Why I climbed Mount Kilimanjaro (Part 1)

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For years I had the desire to travel abroad and volunteer, but it wasn’t until 2010 I took the leap and finally did it. I chose to volunteer through a non-profit organization called Cross-Cultural Solutions (CCS), and I chose Morocco as my first volunteer country.  Morocco was great, and working in the children’s hospital was such a great experience.  Upon returning, I had even a stronger desire and urge to make another volunteer trip through CCS. I began sharing my experiences with other interested volunteers by hosting information sessions. These information sessions allowed me to earn credit towards future volunteer adventures through CCS.

Making a decision on where to go

One of the great things about CCS is their Community page that allows you to connect with other volunteers and share your experiences, and gain insight into the other CCS program sites throughout the world.  I had been battling with myself whether to go to Tanzania or South Africa.  I sent messages to some past volunteers from both placements to get their thoughts and try to come up with a final destination.  The choice was still extremely hard until one day I came across a post from an alumni from the Tanzania placement.  Her name was Katyann, and she was looking for volunteers interested in climbing Mount Kilimanjaro to raise money for a school called The O’Brien School for the Maasai.  I immediately logged onto the website for this charity climb and researched it.  The climb was organized by three former CCS volunteers – Becca, Susan and Katyann.  The three of them volunteered in 2011 and fell in love with Tanzania and its people, so they decided to move back to Tanzania in May of 2012 and volunteer for a year or so of their lives helping out at The O’Brien School for the Maasai.  They developed the group S.E.W which stands for Successfully, Empowering, Women.   I never thought I would ever even consider climbing any mountain, but I was so moved by these girls and what they were doing, I immediately sent an email asking for details and spoke with Susan and Becca a few times before I finally committed to this journey.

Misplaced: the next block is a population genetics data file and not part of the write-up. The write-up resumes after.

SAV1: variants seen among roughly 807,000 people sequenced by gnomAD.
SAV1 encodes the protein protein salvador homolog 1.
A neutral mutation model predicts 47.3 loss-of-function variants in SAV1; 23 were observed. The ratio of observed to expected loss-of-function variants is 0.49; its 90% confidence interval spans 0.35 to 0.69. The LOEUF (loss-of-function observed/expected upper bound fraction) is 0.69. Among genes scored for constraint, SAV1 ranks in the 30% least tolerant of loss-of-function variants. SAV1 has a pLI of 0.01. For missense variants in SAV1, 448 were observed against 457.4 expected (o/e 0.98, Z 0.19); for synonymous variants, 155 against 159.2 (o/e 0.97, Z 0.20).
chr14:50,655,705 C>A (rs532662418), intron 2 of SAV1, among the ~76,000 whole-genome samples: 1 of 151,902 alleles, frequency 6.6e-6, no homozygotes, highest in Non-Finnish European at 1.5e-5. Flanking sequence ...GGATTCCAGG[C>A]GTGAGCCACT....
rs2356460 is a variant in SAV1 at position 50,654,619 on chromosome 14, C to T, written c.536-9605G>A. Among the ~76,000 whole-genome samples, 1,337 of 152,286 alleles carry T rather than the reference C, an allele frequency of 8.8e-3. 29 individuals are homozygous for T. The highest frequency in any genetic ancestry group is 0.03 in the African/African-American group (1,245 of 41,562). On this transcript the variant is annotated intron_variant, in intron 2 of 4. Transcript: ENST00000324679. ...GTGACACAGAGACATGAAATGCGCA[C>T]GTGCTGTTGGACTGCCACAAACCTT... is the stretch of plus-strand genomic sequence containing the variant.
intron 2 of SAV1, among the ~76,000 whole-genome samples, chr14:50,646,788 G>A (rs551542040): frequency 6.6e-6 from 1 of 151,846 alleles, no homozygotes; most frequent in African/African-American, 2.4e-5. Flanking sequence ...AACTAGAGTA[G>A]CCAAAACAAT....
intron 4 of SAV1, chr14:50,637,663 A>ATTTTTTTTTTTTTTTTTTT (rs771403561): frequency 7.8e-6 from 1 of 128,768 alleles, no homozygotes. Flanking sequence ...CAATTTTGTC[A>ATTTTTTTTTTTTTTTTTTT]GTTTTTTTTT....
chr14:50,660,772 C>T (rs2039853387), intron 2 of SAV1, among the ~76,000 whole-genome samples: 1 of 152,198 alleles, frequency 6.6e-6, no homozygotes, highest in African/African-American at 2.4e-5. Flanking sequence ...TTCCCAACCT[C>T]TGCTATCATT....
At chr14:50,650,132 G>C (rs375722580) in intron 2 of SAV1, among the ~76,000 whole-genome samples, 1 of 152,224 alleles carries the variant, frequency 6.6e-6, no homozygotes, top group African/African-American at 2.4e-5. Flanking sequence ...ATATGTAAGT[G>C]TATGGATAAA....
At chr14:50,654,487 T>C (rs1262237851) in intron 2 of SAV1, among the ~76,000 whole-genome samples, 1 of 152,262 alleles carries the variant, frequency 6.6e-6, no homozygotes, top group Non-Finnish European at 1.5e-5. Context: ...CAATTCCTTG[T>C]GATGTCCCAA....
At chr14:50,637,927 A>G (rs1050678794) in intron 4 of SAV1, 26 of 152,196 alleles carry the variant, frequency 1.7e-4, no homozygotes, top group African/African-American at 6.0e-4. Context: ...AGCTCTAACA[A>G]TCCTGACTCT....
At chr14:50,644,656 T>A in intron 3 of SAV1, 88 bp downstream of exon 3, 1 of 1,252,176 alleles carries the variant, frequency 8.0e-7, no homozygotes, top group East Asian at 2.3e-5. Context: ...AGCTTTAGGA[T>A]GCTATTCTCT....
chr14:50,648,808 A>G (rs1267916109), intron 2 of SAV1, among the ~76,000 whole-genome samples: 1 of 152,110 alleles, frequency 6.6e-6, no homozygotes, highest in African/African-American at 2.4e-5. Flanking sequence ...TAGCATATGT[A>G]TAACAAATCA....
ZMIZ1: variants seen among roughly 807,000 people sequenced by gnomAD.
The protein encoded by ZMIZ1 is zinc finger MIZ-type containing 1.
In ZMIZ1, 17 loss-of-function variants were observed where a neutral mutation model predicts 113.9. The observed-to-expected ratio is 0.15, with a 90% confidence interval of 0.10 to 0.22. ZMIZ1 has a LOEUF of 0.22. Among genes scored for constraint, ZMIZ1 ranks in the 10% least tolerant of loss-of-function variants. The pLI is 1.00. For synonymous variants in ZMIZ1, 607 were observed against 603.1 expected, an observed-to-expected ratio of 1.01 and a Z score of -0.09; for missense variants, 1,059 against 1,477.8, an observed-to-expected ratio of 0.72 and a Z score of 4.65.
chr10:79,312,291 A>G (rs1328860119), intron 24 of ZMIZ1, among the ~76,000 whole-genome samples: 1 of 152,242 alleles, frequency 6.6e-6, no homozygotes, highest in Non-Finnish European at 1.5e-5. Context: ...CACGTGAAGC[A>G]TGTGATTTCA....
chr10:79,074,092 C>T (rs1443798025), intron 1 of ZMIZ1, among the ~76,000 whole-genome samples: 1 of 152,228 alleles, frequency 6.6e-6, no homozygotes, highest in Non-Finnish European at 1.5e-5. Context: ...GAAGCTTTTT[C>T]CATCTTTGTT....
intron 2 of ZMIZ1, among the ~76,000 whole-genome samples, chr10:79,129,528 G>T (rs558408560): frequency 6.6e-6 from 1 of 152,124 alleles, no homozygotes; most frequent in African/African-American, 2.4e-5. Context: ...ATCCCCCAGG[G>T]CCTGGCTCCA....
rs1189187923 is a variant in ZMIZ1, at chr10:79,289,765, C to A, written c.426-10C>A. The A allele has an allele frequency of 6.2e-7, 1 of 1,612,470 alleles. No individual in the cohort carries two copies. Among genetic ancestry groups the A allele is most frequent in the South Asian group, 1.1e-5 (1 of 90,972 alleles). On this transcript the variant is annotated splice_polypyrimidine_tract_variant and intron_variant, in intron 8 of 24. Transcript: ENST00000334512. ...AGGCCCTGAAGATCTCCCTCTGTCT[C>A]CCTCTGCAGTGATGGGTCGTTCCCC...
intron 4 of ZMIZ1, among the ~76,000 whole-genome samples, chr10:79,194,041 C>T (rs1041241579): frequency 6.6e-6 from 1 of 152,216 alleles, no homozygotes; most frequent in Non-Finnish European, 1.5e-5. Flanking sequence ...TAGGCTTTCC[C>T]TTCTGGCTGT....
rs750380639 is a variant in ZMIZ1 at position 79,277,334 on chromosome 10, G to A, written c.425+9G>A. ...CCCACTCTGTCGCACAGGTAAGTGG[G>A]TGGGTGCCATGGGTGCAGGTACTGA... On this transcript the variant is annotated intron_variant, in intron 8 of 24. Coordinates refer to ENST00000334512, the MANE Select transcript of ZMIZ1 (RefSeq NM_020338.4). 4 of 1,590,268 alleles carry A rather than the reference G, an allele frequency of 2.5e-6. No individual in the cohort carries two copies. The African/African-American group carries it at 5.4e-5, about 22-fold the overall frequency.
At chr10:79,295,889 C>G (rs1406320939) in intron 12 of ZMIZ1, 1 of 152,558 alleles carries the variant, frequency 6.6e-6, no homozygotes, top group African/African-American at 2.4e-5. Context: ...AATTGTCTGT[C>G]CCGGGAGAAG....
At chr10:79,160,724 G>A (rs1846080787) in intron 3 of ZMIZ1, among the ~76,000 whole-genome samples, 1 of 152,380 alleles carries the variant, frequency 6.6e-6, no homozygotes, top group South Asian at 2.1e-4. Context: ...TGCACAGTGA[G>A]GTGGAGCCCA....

The O’Brien School for the Maasai 

In 2006, a lady named Kellie O’Brien and her daughter Heather took a trip to Tanzania to live with the Franciscan Cappuchin Sisters of Sanya Juu.  During their stay, they met Gabriel, a Maasai man who wanted more for his Maasai village. He wanted a school for the children. He asked them for a school, and Kellie met with Gabriel and 150 other members of his tribe.  Returning to the village 10 days later, Kellie helped design a school on an envelope, and two days later when Kellie and Heather departed Tanzania, blocks and sand were already in place.  By 2007 The O’Brien School for the Maasai was complete.

The children of the Maasai village are now able to attend school, learn, grow and change their future.  The O’Brien School isn’t just about helping the children, but it also gives the women of the Maasai village the to change their futures. The women have learned to sew, and bead, which they can turn around and sell to provide for their families.  S.E.W. was designed to help these women and give them a brighter future, to bring sustainability to these women by creating new projects for them and furthering exisiting ones, and to break the cycle of poverty.

For the women of the O’Brien School for the Maasai, for the children, for their families, for hope, and inspiration I climbed Mount Kilimanjaro. Continue reading part 2 of this story…

 ~ By guest writer Leslie Vice who volunteered in Tanzania and Morocco. You can learn more about her trip and send her a donation by clicking here. 

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